Congenital Nystagmus Gene FRMD7 Is Necessary for Establishing a Neuronal Circuit Asymmetry for Direction Selectivity

Neuron. 2016 Jan 6;89(1):177-93. doi: 10.1016/j.neuron.2015.11.032. Epub 2015 Dec 17.

Abstract

Neuronal circuit asymmetries are important components of brain circuits, but the molecular pathways leading to their establishment remain unknown. Here we found that the mutation of FRMD7, a gene that is defective in human congenital nystagmus, leads to the selective loss of the horizontal optokinetic reflex in mice, as it does in humans. This is accompanied by the selective loss of horizontal direction selectivity in retinal ganglion cells and the transition from asymmetric to symmetric inhibitory input to horizontal direction-selective ganglion cells. In wild-type retinas, we found FRMD7 specifically expressed in starburst amacrine cells, the interneuron type that provides asymmetric inhibition to direction-selective retinal ganglion cells. This work identifies FRMD7 as a key regulator in establishing a neuronal circuit asymmetry, and it suggests the involvement of a specific inhibitory neuron type in the pathophysiology of a neurological disease.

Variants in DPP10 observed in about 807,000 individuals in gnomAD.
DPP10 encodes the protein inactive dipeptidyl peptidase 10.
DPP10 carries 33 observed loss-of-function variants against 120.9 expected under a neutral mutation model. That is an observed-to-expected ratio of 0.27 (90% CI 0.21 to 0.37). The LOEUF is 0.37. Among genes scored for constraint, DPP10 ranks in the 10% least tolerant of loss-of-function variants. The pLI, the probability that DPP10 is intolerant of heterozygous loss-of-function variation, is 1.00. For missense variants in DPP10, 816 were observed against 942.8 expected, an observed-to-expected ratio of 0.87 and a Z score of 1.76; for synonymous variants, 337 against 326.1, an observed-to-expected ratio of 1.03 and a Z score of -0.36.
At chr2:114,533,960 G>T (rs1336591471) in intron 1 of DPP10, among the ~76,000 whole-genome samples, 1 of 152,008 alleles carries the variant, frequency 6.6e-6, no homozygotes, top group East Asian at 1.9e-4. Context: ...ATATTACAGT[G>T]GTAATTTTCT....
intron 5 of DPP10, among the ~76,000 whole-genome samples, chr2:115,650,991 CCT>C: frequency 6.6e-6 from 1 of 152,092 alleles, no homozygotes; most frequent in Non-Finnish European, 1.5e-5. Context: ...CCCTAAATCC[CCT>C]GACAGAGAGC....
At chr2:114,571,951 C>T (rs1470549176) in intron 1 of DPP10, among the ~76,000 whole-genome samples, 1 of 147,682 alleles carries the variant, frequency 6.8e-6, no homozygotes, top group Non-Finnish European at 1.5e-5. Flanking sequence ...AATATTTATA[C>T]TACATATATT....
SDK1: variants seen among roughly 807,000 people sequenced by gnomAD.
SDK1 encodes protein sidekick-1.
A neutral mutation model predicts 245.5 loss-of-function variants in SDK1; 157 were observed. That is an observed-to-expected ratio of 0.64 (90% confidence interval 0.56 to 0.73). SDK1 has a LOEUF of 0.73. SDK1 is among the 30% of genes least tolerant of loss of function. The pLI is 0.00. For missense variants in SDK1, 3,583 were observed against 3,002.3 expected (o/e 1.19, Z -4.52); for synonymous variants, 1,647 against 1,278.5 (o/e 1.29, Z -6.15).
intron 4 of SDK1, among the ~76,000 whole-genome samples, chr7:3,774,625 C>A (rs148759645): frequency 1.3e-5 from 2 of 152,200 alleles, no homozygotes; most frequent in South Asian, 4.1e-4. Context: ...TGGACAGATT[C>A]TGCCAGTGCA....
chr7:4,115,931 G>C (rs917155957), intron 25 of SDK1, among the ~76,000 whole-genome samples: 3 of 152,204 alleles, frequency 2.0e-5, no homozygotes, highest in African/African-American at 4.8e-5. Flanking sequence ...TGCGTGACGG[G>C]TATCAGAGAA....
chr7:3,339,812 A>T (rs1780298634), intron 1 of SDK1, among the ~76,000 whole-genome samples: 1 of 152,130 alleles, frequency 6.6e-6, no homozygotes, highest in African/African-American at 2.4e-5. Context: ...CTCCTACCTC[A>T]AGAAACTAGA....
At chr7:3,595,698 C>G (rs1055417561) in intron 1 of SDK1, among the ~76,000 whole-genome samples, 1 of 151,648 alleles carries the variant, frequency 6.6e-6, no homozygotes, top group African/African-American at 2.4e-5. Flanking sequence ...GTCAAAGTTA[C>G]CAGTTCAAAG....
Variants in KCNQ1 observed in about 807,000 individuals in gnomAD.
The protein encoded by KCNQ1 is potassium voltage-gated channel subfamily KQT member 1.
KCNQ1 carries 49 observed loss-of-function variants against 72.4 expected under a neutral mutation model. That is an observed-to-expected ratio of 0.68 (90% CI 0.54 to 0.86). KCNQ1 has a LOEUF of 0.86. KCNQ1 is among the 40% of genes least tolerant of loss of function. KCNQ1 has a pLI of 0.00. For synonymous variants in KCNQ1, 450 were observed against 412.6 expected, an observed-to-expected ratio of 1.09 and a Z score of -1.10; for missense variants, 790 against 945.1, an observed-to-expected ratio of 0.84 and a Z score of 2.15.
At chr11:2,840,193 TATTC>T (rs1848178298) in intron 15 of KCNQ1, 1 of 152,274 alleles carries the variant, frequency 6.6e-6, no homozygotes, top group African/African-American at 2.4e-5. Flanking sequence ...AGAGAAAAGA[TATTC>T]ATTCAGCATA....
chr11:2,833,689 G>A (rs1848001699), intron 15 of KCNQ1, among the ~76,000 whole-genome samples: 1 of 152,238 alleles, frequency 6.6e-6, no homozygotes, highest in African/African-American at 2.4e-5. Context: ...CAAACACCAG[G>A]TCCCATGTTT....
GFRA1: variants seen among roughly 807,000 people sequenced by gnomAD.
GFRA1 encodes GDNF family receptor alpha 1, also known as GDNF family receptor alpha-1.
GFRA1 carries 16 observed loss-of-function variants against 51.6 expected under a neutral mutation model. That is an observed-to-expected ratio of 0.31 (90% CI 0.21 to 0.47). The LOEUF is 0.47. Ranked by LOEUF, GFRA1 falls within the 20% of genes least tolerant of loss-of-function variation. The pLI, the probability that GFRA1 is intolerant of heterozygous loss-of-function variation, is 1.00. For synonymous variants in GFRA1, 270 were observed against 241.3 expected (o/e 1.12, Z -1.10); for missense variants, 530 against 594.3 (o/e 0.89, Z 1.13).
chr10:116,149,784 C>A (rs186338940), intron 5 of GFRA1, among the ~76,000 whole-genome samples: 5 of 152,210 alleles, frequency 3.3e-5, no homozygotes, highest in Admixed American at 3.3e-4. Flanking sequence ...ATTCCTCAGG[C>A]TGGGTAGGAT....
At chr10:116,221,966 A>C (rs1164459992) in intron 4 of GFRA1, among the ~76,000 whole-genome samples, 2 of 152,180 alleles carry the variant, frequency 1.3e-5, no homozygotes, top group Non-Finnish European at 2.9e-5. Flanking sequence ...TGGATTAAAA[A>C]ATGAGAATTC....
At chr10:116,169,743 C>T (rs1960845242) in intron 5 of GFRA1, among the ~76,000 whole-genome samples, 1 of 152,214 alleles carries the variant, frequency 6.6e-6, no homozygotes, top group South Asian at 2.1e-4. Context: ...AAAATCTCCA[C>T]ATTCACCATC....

Publication types

  • Research Support, Non-U.S. Gov't

MeSH terms

  • Action Potentials / physiology
  • Amacrine Cells / cytology*
  • Animals
  • Cytoskeletal Proteins / metabolism*
  • Mice, Transgenic
  • Motion Perception / physiology
  • Nerve Net / physiology*
  • Neural Inhibition / physiology*
  • Nystagmus, Congenital / metabolism*
  • Photic Stimulation / methods
  • Retina / physiology
  • Retinal Ganglion Cells / cytology
  • Synapses / metabolism
  • Visual Pathways / physiology*

Substances

  • Cytoskeletal Proteins
  • FRMD7 protein, mouse